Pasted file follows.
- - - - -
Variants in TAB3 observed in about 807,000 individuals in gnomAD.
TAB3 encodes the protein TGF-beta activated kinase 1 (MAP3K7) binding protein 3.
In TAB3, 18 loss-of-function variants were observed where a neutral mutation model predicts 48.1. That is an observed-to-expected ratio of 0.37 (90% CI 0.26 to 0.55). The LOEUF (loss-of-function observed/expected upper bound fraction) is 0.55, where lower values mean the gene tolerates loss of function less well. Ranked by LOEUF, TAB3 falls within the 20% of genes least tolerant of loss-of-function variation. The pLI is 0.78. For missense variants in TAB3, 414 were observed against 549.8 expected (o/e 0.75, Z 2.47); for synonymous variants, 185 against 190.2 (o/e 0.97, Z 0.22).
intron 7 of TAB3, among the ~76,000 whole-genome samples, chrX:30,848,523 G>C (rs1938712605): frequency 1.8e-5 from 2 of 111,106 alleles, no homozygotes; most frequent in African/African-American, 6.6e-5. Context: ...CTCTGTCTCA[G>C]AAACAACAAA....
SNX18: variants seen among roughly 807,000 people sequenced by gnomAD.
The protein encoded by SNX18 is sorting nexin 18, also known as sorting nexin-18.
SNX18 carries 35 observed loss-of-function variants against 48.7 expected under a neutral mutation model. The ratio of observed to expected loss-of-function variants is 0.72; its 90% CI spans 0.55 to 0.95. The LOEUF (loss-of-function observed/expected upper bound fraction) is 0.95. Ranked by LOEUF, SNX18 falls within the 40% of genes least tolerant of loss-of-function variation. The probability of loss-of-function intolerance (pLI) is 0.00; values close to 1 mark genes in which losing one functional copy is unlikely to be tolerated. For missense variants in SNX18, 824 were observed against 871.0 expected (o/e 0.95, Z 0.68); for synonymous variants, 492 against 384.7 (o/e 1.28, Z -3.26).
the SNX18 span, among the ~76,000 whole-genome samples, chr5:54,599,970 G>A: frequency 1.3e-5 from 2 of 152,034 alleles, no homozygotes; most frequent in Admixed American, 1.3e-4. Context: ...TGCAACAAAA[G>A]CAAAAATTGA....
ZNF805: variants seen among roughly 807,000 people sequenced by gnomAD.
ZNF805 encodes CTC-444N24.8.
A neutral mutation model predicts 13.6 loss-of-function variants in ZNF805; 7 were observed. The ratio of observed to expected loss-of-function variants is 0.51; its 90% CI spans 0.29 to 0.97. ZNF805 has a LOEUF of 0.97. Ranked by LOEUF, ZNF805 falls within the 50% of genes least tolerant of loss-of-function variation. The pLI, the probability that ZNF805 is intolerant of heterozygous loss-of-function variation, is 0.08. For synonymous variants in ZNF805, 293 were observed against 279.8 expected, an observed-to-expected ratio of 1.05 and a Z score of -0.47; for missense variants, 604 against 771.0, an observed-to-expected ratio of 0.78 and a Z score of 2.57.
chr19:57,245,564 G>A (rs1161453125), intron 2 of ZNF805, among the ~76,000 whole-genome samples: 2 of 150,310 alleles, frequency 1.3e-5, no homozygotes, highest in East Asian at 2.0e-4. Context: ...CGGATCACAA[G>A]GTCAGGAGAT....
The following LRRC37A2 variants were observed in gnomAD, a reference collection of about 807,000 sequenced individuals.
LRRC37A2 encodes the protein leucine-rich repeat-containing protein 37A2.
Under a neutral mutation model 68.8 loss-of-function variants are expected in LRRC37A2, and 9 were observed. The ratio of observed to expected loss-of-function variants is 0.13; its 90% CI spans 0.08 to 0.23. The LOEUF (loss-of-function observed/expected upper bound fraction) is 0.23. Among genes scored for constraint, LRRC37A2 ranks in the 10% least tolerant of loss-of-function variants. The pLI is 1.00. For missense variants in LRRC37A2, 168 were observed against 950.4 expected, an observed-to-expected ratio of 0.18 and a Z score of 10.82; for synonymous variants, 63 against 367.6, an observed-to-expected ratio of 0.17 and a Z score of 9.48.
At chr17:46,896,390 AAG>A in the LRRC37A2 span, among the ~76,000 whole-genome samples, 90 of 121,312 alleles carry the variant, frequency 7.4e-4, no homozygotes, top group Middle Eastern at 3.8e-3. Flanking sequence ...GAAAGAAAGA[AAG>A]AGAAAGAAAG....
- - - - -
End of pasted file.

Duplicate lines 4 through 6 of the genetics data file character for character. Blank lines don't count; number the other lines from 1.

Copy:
intron 7 of TAB3, among the ~76,000 whole-genome samples, chrX:30,848,523 G>C (rs1938712605): frequency 1.8e-5 from 2 of 111,106 alleles, no homozygotes; most frequent in African/African-American, 6.6e-5. Context: ...CTCTGTCTCA[G>C]AAACAACAAA....
SNX18: variants seen among roughly 807,000 people sequenced by gnomAD.
The protein encoded by SNX18 is sorting nexin 18, also known as sorting nexin-18.